FIG. 1 is a partial cross-sectional view of a fluid end 24 of a positive displacement pump including an exemplary embodiment of a novel suction cover and seal arrangement 12 according to the teachings of the present disclosure. FIG. 2 is a perspective view of an exemplary embodiment of a positive displacement pump 20. Referring to both figures, the positive displacement pump 20 has two sections, a power end 22 and a fluid end 24 connected by a stay rod tube section 23. The power end 22 includes a crankshaft powered by an engine, transmission, electric motor, hydraulic motor, etc. that rotationally drive a crankshaft. A connecting rod, attached to a pin located eccentrically from the crankshaft centerline, converts rotational motion into linear motion and terminates at a wrist pin and a series of plungers 26. The plunger piston slides coaxially inside a fluid chamber, alternately increasing and decreasing chamber volume. The plungers 26 operate to draw fluid from a suction manifold 27 into the fluid chamber through an intake or suction valve 28, and then discharge the fluid at a high pressure through a discharge valve 30 to a discharge manifold 32. The discharged liquid is then injected at high pressure into an encased wellbore. The injected fracturing fluid is also commonly called a slurry, which is a mixture of water, proppants (silica sand or ceramic), and chemical additives. The novel suction cover and seal concept described herein can be employed for a suction valve, a discharge valve, and any valve and seal present in the frac pump, as well as other types of equipment that may be present at an exemplary hydraulic fracturing site and elsewhere in other applications. An exemplary hydraulic fracturing site employs positive displacement pumps, a slurry blender, fracturing fluid tanks, high-pressure flow iron (pipe or conduit), trailers upon which some equipment are carried, valves, wellhead, charge pump (typically a centrifugal pump), conveyers, and other equipment at the site of a hydraulic fracturing operation or other types of hydrocarbon recovery operations.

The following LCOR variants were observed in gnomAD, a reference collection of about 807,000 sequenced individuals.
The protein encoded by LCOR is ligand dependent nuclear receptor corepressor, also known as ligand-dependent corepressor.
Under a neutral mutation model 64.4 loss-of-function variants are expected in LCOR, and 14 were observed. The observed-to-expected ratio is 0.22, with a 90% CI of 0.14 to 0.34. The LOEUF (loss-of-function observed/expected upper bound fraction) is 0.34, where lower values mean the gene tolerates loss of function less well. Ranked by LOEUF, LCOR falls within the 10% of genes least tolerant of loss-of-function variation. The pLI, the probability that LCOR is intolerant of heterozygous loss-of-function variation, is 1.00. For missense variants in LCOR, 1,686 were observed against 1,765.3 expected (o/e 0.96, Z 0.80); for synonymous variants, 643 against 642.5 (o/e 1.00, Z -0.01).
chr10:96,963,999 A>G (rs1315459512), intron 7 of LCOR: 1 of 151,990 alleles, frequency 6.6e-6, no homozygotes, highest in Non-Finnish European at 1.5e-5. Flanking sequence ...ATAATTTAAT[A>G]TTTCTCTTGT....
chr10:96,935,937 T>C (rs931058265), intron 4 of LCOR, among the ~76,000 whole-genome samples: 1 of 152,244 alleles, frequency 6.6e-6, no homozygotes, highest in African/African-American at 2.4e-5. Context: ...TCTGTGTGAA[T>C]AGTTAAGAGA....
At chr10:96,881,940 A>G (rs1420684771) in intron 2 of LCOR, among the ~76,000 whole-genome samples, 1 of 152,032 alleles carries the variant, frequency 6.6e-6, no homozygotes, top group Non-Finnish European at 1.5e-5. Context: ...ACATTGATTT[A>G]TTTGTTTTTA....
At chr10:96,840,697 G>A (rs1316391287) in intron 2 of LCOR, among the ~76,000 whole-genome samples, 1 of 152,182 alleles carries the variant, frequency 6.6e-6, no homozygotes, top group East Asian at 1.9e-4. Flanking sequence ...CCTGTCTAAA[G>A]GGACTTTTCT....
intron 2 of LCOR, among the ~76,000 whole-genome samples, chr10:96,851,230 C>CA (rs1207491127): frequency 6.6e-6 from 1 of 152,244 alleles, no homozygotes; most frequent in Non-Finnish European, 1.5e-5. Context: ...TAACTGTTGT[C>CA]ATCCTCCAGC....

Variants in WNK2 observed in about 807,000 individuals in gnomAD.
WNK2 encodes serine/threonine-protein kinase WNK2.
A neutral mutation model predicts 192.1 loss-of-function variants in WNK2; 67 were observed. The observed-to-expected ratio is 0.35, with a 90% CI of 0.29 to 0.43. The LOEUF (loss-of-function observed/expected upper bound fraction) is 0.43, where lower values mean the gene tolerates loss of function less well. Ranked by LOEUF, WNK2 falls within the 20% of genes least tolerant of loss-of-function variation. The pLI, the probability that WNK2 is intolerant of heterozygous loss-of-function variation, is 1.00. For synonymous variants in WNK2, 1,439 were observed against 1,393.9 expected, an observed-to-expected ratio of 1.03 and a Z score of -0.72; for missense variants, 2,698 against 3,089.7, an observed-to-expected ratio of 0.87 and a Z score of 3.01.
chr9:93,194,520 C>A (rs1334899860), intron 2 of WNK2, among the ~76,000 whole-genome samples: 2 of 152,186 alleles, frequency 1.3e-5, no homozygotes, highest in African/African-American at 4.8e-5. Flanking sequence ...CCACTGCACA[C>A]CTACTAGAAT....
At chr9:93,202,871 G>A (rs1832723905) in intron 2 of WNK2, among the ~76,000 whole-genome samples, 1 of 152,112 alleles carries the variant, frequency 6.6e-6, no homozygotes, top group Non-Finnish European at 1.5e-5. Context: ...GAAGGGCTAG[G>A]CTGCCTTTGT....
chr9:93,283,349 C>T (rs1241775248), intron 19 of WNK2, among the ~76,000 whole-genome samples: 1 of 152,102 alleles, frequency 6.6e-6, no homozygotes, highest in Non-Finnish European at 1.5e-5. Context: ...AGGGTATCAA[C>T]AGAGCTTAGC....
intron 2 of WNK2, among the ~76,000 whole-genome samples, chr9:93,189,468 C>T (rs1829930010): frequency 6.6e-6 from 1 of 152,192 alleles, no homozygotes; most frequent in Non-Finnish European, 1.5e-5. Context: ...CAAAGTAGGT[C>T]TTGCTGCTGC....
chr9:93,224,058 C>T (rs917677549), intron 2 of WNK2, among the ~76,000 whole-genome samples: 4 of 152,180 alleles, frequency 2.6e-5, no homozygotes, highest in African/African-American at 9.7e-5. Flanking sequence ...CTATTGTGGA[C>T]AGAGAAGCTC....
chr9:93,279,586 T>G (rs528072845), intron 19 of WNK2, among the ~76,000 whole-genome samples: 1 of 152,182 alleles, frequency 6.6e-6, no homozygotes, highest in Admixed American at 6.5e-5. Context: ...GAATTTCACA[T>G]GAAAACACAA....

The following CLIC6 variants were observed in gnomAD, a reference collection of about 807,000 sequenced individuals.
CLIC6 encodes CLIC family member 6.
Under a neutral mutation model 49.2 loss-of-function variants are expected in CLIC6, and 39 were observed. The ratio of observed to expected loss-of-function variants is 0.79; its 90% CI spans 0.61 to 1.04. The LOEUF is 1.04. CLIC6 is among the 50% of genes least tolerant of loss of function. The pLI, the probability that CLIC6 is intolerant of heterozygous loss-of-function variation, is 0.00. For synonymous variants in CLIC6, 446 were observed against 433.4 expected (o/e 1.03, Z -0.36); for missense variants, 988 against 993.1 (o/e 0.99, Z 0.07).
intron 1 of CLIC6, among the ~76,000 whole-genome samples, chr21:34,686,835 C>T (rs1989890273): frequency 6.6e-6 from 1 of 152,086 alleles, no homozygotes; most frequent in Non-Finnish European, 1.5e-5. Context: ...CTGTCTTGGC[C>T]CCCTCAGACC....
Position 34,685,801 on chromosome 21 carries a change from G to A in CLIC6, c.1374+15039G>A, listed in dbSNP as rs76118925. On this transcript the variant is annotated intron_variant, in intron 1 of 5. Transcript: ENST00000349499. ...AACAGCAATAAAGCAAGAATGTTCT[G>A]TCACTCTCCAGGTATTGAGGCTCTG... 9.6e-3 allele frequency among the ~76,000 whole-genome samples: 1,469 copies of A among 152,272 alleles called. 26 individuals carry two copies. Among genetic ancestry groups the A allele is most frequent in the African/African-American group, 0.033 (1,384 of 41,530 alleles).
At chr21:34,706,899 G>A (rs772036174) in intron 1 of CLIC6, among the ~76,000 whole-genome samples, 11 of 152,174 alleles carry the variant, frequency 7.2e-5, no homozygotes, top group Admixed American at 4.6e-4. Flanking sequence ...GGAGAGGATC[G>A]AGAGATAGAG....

As shown in FIG. 1, the disc-shaped suction cover 36 is situated in the cross bore of the pump fluid cylinder. The suction cover 36 includes an annular seal 38 and is held in place by a suction cover threaded retainer 39. Similarly, the discharge valve assembly may include a discharge suction cover 40 and an annular seal 42 held in place by a discharge suction cover threaded retainer 42. The annular seal(s) may have a cross-section that is circular, elliptical, D-shaped, square, rectangular, or any other suitable shape.

As shown in FIG. 1, and in more detail in FIGS. 3 and 4, an exemplary embodiment of the suction cover and seal arrangement 12 includes a suction cover 36 with an annular seal 38. The suction cover 36 has a base flange 28 forming a sealing interface, and a stepped seal seat 46 upon which the annular seal 38 is situated. The suction cover 36 is dimensioned to be accommodated within a bore well of a fluid cylinder in the pump.

As further shown in FIGS. 5 and 6, the circular seal 38 can be installed by sliding it over the suction cover 36 onto the seal seat 46 proximate to the base flange 28. This can be performed without stretching the seal that may adversely impact the structural integrity of the seal.

FIGS. 9 and 10 provide a side-by-side comparison of the conventional and new designs. FIG. 9 is a partial cross-sectional view of the conventional suction cover with the D-ring seal showing the location of the wash, which is at the interface between the seal and the fluid end bore wall. FIG. 10 is a partial cross-sectional view of a new suction cover design showing the location of the wash, which is now located at the interface between the seal 38 and the suction cover 36. By changing the location of the seal, wash in the bore is mitigated and the suction cover now experiences surface wear, if any, which is a much more cost-effective part to replace and service than the fluid end bore. Further, the seal gland is split into two pieces, which allows the seal gland to be opened up and the seal slid into place onto the base flange and seal seat of the suction cover, as shown in FIGS. 5 and 6. Because the new installation process does not require stretching the seal allows the seal design to be more rigid and durable.

The novel suction cover and seal configuration described herein involves (a) changing the seal location, (b) changing the sealing surface to act on the suction cover rather than the fluid end bore, and (c) engineered seals that are more durable because the seal can be slid onto the cover into place.

The features of the present invention which are believed to be novel are set forth below with particularity in the appended claims. However, modifications, variations, and changes to the exemplary embodiments described above will be apparent to those skilled in the art, and the novel suction cover and seal design described herein thus encompasses such modifications, variations, and changes and are not limited to the specific embodiments described herein.